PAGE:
On display in the first room, an office, was this gorgeous, gold silk reproduction gown. If my memory serves me correctly, it was done by an intern and is an exact replica of a gown in their collection.
"Exact" truly means "exact" in this case. It is exact in the 1/32" error in matching down the center front seam of the bodice, and in the number of handstitches per inch. Simply an amazing piece of workmanship by a very talented, hardworking woman. It took 2-3 months to complete.
Then it was on to explore the work rooms and closet rooms throughout the building. Thread upon thread in gorgeous colors!
There was a bonnet storage room. All the straw bonnets on the floor were divided by age, from age 14 to 18, as with increasing age, a girl could wear an "older looking" bonnet.
This beautiful bonnet, carefully protected by a plastic bag, caught my eye. Such pretty ribbon!
My favorite room was the ladies' accessories room, filled with intriguingly labeled boxes containing all manner of necessities for the lady of the 1830's.
The ladies' closet room was filled with period dresses. A newly-hired interpreter would be taken here to see if anything in the room might fit her, and if not, a new gown would be made. I tried to imagine how fun it would be to get to choose from among these gowns, and so headed over to my size to see which one I would pick from among the selection.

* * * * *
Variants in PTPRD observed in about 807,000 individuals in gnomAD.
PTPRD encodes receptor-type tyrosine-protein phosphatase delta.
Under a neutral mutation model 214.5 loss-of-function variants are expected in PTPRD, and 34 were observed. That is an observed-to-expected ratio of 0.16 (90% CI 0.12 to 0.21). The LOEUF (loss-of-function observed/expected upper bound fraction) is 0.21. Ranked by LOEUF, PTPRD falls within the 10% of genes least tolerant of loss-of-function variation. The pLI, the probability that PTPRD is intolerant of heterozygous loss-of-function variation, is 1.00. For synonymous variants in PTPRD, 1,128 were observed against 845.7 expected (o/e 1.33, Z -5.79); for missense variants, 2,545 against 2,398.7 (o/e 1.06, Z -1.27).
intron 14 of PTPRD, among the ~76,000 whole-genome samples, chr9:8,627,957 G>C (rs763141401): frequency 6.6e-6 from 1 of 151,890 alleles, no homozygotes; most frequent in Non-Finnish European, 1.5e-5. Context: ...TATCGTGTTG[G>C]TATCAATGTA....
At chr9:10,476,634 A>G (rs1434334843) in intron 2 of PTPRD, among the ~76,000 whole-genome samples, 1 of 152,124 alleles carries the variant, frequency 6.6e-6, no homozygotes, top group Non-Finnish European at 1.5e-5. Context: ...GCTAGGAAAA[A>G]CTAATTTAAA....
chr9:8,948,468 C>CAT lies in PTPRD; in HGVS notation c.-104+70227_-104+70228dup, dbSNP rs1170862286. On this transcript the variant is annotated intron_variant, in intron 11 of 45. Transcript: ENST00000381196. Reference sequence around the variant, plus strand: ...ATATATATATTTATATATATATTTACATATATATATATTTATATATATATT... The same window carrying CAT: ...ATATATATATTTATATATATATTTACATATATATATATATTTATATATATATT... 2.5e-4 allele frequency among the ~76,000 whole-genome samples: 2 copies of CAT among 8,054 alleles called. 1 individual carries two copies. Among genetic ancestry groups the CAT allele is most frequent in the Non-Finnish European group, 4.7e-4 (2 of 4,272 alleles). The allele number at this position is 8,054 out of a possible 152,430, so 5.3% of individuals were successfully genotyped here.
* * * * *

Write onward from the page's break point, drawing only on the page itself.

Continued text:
This one! Definitely this one! Loved it's smocked sleeves! Although the tartan dresses were catching my eye too.
And what a pretty print this is! All the cotton prints are period reproduction fabrics.
I thought it was interesting that the men's shirts didn't seem too different, in terms of prints, than modern day shirts. This could almost been any man's closet.
The entire basement is devoted to menswear. Hats upon hats! All the straw hats in the village are made by a group of Pennsylvania farmers' wives, who make hats for the village in the wintertime, when their own farms demand less of their time.
Next up is a pictorial view of some of my favorite scenes in Old Sturbridge Village.